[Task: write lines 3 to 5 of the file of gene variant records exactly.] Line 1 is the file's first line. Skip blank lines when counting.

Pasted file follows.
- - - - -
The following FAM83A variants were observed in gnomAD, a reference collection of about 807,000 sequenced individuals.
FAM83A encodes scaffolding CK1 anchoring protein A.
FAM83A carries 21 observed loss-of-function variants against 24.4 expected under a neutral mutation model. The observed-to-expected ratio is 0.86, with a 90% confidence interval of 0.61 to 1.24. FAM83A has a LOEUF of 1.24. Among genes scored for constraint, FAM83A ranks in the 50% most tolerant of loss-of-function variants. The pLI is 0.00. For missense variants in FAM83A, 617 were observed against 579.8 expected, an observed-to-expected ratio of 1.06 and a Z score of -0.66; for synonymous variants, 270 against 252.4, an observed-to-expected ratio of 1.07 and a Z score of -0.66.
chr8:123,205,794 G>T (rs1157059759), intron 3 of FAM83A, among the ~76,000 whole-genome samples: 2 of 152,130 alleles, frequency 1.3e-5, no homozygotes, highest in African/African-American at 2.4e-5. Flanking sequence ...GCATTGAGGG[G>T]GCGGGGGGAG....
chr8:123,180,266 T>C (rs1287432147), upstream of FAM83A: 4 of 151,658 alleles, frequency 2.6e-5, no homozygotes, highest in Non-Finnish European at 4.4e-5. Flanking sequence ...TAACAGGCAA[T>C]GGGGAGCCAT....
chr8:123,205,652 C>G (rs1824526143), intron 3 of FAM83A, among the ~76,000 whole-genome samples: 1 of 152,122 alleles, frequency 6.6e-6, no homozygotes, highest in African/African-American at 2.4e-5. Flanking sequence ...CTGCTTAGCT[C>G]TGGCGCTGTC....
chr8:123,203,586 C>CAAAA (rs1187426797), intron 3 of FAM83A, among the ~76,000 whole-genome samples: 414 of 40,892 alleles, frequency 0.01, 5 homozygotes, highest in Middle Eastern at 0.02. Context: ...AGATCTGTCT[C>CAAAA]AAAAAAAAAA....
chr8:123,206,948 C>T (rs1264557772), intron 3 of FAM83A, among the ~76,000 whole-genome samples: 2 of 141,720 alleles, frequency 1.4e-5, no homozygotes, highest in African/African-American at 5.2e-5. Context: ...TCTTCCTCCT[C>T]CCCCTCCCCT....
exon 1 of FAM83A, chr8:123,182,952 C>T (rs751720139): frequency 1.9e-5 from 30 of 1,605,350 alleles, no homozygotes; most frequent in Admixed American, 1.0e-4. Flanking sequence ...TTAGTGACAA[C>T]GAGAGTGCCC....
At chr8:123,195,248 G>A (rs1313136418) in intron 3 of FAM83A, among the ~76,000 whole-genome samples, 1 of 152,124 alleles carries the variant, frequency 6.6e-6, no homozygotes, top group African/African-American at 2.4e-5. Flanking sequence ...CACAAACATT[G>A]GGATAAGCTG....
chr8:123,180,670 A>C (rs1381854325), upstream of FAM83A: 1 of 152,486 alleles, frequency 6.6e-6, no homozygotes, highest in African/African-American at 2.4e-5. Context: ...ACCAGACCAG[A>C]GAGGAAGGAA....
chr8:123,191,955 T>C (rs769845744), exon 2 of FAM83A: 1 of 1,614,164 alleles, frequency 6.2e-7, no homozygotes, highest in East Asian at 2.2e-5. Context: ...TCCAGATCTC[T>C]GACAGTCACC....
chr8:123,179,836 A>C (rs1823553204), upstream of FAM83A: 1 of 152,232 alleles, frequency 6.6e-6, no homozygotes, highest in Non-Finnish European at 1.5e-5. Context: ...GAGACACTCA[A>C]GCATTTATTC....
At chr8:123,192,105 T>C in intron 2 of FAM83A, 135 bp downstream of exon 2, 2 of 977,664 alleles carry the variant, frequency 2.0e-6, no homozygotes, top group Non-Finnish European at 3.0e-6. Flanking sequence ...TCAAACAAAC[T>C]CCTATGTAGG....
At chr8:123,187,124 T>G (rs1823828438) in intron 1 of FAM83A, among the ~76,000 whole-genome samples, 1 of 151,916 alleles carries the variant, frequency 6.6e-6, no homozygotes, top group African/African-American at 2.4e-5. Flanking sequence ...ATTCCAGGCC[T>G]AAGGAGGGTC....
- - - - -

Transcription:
FAM83A carries 21 observed loss-of-function variants against 24.4 expected under a neutral mutation model. The observed-to-expected ratio is 0.86, with a 90% confidence interval of 0.61 to 1.24. FAM83A has a LOEUF of 1.24. Among genes scored for constraint, FAM83A ranks in the 50% most tolerant of loss-of-function variants. The pLI is 0.00. For missense variants in FAM83A, 617 were observed against 579.8 expected, an observed-to-expected ratio of 1.06 and a Z score of -0.66; for synonymous variants, 270 against 252.4, an observed-to-expected ratio of 1.07 and a Z score of -0.66.
chr8:123,205,794 G>T (rs1157059759), intron 3 of FAM83A, among the ~76,000 whole-genome samples: 2 of 152,130 alleles, frequency 1.3e-5, no homozygotes, highest in African/African-American at 2.4e-5. Flanking sequence ...GCATTGAGGG[G>T]GCGGGGGGAG....
chr8:123,180,266 T>C (rs1287432147), upstream of FAM83A: 4 of 151,658 alleles, frequency 2.6e-5, no homozygotes, highest in Non-Finnish European at 4.4e-5. Flanking sequence ...TAACAGGCAA[T>C]GGGGAGCCAT....